Everyone is entitled to their opinion (and I certainly take maximum advantage of that liberty in this blog) but I think those who hold this opinion are plain wrong. First, Outlook for Mac 2011 is a sad and faded client when compared to Outlook 2013. There are just so many things that don’t work as well in the Mac version as they do in Windows, a fact that is drummed into my head several times a week by my wife, who mostly enjoys using Outlook on her MacBook Air. EWS is not as functional (yet) as MAPI. End of story.
But it’s also true that replacing RPC over HTTP with MAPI over HTTP is much simpler at the architectural and code level than having to rip out all the MAPI code and rewrite it using EWS. The same Plugfest featured a short introduction to how Outlook 2013 SP1 uses the WinHTTP interface (a high level interface to the HTTP 1.1 protocol) to transport Outlook’s ROPs (Remote Operations invoked by MAPI calls) to Exchange. It seems very much like Outlook has been able to replace RPC with WinHTTP in a very elegant and smart manner and so avoided the need for wholesale code updates scattered across the product.
If you decide that MAPI over HTTP is not for you, it can be blocked by updating the system registry to create a new DWORD value under KEY_CURRENT_USER\Software\Microsoft\Exchange. Set the value of MapiHttpDisabled to 1 and Outlook 2013 SP1 clients will forget all about MAPI over HTTP and keep on using good 'ol RPCs.
To close on a note of caution, we are very much in the early days of this particular transformation. Expect some bumps along the way before MAPI over HTTP is as well-known and as well-supported as its predecessor. Performance and sizing information is still unavailable and the experience gained through field deployments doesn't exist. These things will come in time (Microsoft is working on the performance and sizing documentation) but I would pause to consider before diving in to be the first to move a large on-premises deployment over to use MAPI over HTTP.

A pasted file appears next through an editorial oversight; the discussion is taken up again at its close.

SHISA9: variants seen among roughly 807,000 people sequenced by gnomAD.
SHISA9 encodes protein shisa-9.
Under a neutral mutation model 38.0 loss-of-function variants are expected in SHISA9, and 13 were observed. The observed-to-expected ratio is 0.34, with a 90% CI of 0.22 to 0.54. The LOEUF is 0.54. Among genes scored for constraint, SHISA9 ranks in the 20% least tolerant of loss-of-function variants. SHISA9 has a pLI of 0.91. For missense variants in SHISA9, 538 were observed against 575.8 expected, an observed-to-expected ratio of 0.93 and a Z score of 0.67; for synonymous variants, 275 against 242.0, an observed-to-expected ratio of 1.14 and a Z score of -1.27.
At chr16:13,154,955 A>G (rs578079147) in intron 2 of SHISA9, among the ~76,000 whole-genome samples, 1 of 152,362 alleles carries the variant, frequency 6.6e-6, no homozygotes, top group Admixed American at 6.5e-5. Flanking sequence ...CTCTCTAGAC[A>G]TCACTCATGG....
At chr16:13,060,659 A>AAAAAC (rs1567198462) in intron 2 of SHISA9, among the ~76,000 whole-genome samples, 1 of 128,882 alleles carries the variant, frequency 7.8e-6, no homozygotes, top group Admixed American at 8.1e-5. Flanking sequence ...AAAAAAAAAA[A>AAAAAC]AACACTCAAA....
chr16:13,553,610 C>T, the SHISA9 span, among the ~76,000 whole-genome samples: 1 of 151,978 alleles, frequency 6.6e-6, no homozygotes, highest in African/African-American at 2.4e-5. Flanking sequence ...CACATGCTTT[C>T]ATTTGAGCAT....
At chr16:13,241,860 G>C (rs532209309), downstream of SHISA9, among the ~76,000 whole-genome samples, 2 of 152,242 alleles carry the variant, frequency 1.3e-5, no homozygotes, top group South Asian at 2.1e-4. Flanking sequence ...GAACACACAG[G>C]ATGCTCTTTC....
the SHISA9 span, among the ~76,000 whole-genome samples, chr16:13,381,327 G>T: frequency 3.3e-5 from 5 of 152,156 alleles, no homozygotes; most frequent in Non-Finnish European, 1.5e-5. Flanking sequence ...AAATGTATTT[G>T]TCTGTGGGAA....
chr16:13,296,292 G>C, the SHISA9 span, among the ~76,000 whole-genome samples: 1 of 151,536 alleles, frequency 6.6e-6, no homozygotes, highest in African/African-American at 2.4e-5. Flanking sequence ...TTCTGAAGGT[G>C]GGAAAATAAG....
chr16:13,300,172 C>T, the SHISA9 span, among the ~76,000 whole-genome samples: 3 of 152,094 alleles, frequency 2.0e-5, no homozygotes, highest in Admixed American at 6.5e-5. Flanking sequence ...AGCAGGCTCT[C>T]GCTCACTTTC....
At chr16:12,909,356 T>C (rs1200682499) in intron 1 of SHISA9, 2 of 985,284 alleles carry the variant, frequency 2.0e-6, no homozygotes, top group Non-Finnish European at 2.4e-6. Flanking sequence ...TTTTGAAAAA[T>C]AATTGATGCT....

One example of a MAPI over HTTP bump is seen in the issue described by a UK company who couldn't get their Outlook 2013 SP1 clients to connect to Exchange 2013 SP1 (on-premises). Some good detection work established that Outlook uses the IE proxy server settings when they attempted to connect to Exchange. If the proxy settings were disabled, Outlook would connect - but no other web access was available (not a good thing). The solution is to add every Exchange 2013 Client Access Server to the proxy exception list to force Outlook to connect to a CAS without attempting to go near a proxy. Each CAS has to be specified in the format <IP address>; <NetBIOS name>;<FQDN>. For example:
Clearly this is not a good thing and the Exchange engineers are looking into the problem to come up with a better fix than having to update IE settings on all client machines.
Like everything else, time will bring familiarity and wisdom. On-premises customers will not be in a hurry to deploy MAPI over HTTP because of the need to upgrade client desktops. Until they do, I suspect that Microsoft will gain a lot of experience internally and from “the service” that will allow them to slipstream bug fixes and improvements into future cumulative updates. The FUD will have cleared by the time the bulk of on-premises customers are ready to embrace MAPI over HTTP and we’ll all be much happier. At least, I hope so.